KARACHI: Aamina Sheikh has a lot on her plate right now, and we aren’t talking script readings, traveling to and attending award shows and events. We’re focusing on one rather important mission that the Cake star has taken on: educating girls across Pakistan.
While we all understand to a certain degree the disparity between the number of boys and girls who have access to education in Pakistan, Aamina is able to paint the picture rather vividly in just one line. “Of the 22 million children out of schools in Pakistan, 60% to 70% of them are girls,” she reveals to Cutacut in a discussion about her involvement with Pakistan Alliance For Girl’s Education (P.A.G.E), an organisation that aims to promote gender equality by getting young girls access to education.
The newly-appointed education ambassador reveals that P.A.G.E is an is aiding the United Nations and their mission to educate 10 million children around the world. “Of those 10 million, the UN is aiming to educate one million children in Pakistan and P.A.G.E was formed to help that mission. They aim to achieve this goal in the next three years.”
However, once P.A.G.E conducted their research, they discovered that the percentage of girls out of schools was much higher than the percentage of boys. “Therefore right now, the aim is to bring a balance in the numbers,” she clarified.
Aamina was approached by the organisation earlier this year. “I did my research, read up on what would be required of me and how we would monitor my impact if I did decide to join, and came on board. So far, P.A.G.E has launched seven schools for girls after identifying the regions that require schools. A mere week after we started work, there was an unfortunate incident in Gilgit where 13 schools were burnt down, so of the seven schools that we’ve launched, 4 of them are in Gilgit,” she adds, revealing that she hasn’t been able to visit the region herself yet but plans to do so soon.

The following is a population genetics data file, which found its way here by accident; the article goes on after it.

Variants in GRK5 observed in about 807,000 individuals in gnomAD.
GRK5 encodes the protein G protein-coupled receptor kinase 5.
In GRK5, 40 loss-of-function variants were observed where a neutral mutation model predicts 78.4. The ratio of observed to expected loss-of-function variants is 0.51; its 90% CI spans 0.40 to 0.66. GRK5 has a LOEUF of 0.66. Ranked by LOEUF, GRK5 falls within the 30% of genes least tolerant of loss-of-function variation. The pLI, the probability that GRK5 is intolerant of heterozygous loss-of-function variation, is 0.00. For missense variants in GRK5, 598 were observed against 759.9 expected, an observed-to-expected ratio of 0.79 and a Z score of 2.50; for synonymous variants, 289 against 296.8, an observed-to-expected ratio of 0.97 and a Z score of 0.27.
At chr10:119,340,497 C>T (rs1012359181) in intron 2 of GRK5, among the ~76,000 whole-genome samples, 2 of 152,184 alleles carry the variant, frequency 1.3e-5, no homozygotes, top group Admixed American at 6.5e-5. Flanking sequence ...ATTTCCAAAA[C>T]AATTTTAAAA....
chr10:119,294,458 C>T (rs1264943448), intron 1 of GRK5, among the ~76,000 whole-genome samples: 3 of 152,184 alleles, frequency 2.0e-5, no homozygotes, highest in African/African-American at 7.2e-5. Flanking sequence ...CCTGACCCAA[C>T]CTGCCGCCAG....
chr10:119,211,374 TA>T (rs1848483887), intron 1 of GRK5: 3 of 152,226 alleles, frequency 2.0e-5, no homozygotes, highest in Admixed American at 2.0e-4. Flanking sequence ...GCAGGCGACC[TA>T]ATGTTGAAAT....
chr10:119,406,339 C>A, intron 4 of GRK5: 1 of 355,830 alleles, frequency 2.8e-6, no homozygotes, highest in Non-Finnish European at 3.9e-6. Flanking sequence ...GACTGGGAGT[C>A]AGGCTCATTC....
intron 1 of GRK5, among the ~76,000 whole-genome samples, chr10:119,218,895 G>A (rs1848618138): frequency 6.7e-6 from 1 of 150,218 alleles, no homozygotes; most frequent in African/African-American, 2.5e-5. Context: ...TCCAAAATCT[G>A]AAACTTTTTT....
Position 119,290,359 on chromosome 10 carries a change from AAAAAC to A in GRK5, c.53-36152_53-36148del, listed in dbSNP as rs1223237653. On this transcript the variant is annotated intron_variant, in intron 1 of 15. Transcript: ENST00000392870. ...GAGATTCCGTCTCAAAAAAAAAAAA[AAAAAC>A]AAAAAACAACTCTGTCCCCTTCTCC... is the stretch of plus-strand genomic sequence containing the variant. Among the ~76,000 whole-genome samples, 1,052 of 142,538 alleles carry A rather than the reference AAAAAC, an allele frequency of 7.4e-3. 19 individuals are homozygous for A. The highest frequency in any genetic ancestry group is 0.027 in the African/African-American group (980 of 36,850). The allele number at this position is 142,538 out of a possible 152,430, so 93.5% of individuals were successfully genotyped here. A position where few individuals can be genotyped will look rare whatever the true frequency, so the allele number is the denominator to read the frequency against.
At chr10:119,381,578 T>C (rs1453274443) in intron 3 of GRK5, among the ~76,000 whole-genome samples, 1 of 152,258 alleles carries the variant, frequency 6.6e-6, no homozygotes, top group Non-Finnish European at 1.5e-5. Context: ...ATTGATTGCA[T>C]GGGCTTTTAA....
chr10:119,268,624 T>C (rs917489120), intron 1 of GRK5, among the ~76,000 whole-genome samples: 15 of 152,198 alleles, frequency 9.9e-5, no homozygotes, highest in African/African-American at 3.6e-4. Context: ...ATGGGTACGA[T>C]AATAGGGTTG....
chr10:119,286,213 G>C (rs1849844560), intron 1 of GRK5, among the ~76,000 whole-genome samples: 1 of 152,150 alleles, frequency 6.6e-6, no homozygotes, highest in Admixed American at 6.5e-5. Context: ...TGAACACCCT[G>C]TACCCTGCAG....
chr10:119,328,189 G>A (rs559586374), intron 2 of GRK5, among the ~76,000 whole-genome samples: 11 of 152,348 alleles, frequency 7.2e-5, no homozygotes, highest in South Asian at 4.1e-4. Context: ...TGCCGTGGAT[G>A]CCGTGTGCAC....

The most common reason behind so many girls abandoning their education is that they are married off at young ages. “Also because of financial constraints, families can only afford to pay for one child’s education so they’ll send the boy because he will become the breadwinner for the family,” shares Aamina.
Aamina also shares an instance that moved her deeply. “There is this one place in Gilgit where girls were stopped from going to school because they have to cross a major highway to get to the school and because so many accidents take place on that road, parents choose to keep the girls at home. Boys can still go because they are thought to be more capable of crossing a road,” she adds with a laugh.
But the real question on the actor’s mind is regarding the sustainability of this project. “Suppose we do set up schools and equip them properly, what’s stopping the community from taking their girls out of school again?” Thankfully, P.A.G.E thought of this problem too and came up with a possible solution. All admin duties of the school have been given to parents of the students as well as other members of the community. “It is in the best interest of the community that the schools continue to run because they are getting their salaries from there. This way, they will ensure that girls don’t drop out and the school keep running.”
Aamina is about to embark on a hectic traveling schedule for the various fundraising events P.A.G.E has in store for the future. So far, UK, Canada and the US are on the cards for Aamina right in the coming months.